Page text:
Center for Renaissance Studies
The Center for Renaissance Studies promotes the use of the Newberry collection by graduate students and postgraduate scholars in the fields of late medieval, Renaissance, and early modern studies (ca. 1300 – ca. 1750), making available programs that may not be feasible for individual institutions to mount alone.
Founded in 1979, the center works with an international consortium of universities in North America and the United Kingdom. It offers a wide range of scholarly programs and digital and print publications based in the Newberry collection, and provides a locus for a community of scholars who come from all over the world to use the library’s early manuscripts, printed books, and other materials.
Faculty and graduate students from consortium institutions may be eligible to apply for Newberry Renaissance Consortium Grants to travel to the Newberry to attend programs or do research.
Interested researchers should consult the Medieval, Renaissance, and Early Modern Studies core collection details for an introduction to navigating the Newberry’s extensive Renaissance and early modern collections.
Funding for the center is provided in part by the Bernard P. McElroy Fund in Renaissance Studies.
News and announcements
- We are delighted to announce that Lia Markey has recently joined the Newberry as our new Director for the Center for Renaissance Studies. Lia was recently the Andrew W. Mellon fellow in the Department of Drawings and Prints at the Metropolitan Museum of Art. She has also been the Hanna Kiel Fellow at Villa I Tatti in Florence and a Mellon Postdoctoral Fellow at the University of Pennsylvania. Dr. Markey spent five years at Princeton University in various roles, including Postdoctoral Research Associate, Lecturer in the Department of Art and Archaeology, and Curatorial Assistant at Princeton’s Art Museum. She has earned a PhD in Art History at the University of Chicago, an MA in Art History at Syracuse University, and a BA at DePaul University. Lia’s recent book is Imagining the Americas in Medici Florence, and she is co-editing an interdisciplinary volume on the reception of the New World in early modern Italy for Cambridge University Press.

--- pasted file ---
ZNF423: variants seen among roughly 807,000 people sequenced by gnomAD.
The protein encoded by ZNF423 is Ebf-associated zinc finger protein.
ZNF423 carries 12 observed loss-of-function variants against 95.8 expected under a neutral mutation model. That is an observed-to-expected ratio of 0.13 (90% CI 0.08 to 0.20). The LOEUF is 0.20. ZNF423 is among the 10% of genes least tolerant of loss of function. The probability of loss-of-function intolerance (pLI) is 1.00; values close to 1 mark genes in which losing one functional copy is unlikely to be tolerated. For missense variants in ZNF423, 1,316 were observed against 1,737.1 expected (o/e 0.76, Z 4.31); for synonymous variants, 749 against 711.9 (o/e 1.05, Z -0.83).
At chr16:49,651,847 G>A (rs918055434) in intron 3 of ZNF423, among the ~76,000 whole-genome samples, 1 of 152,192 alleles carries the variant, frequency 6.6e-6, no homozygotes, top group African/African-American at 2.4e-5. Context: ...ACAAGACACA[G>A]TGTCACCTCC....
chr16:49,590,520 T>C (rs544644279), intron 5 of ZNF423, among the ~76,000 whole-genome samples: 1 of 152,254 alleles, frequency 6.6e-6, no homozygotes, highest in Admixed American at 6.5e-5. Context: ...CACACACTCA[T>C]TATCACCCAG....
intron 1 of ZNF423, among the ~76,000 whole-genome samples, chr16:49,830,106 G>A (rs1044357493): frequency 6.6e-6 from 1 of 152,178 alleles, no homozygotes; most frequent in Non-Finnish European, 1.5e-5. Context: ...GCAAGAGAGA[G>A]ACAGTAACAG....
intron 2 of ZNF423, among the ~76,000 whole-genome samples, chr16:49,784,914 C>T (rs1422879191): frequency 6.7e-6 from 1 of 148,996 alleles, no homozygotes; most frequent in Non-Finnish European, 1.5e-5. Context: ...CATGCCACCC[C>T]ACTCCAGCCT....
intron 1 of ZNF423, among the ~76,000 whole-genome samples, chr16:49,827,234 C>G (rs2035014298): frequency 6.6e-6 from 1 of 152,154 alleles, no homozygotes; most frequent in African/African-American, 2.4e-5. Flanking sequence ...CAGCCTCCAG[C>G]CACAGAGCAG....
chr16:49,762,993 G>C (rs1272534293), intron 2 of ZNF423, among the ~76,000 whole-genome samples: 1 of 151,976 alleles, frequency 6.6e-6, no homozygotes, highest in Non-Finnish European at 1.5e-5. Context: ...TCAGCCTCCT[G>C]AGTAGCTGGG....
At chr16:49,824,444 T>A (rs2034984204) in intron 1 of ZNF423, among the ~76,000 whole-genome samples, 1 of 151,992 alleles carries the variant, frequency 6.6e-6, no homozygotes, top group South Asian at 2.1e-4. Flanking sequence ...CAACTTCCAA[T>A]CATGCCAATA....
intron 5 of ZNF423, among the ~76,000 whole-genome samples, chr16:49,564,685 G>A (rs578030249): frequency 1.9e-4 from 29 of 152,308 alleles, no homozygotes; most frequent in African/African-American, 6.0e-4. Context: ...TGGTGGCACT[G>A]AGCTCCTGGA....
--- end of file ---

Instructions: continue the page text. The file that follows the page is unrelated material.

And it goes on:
- The website French Renaissance Paleography, a set of online tools to allow users to access, practice transcribing, and annotate French manuscript documents dating from the late Middle Ages and Renaissance, is now live. The project was developed by the Center for Renaissance Studies in partnership with Saint Louis University’s Center for Digital Humanities, the University of Toronto Libraries, and Iter: Gateway to the Middle Ages and Renaissance; and funded by a grant from the Andrew W. Mellon Foundation.
- The Newberry has embarked on a CLIR-funded project to digitize 30,000 French political pamphlets published between 1780 and 1810. More than 1,400 are already available on the Internet Archive, and more will appear as they are processed.
- Early Modern Conversions: Religions, Cultures, Cognitive Ecologies. The center is one of 18 international partners in this five-year project to rethink early modern Europe as an “age of conversion.” The project will involve both scholars and artists and will entail creative programs as well as workshops and conferences, to engage multiple public audiences.
- The five-year Gannon Initiative is making the Newberry one of the nation’s premier centers for research on early modern religion, individually cataloging nearly 6,000 items in our collections.
- Explore our experimental online monograph, Humanism for Sale: Making and Marketing Schoolbooks in Italy, 1450-1650, by Paul F. Gehl, and learn about using the site as an interactive text in the classroom.
- The Newberry has recently completed a project to catalog 22,000 early modern French pamphlets. See the catalogers’ blog, French Pamphlet Collections at the Newberry, for updates on what they have discovered, and also this collection description, with tips for searching the catalog for these materials.
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Contact the Center Staff for more information.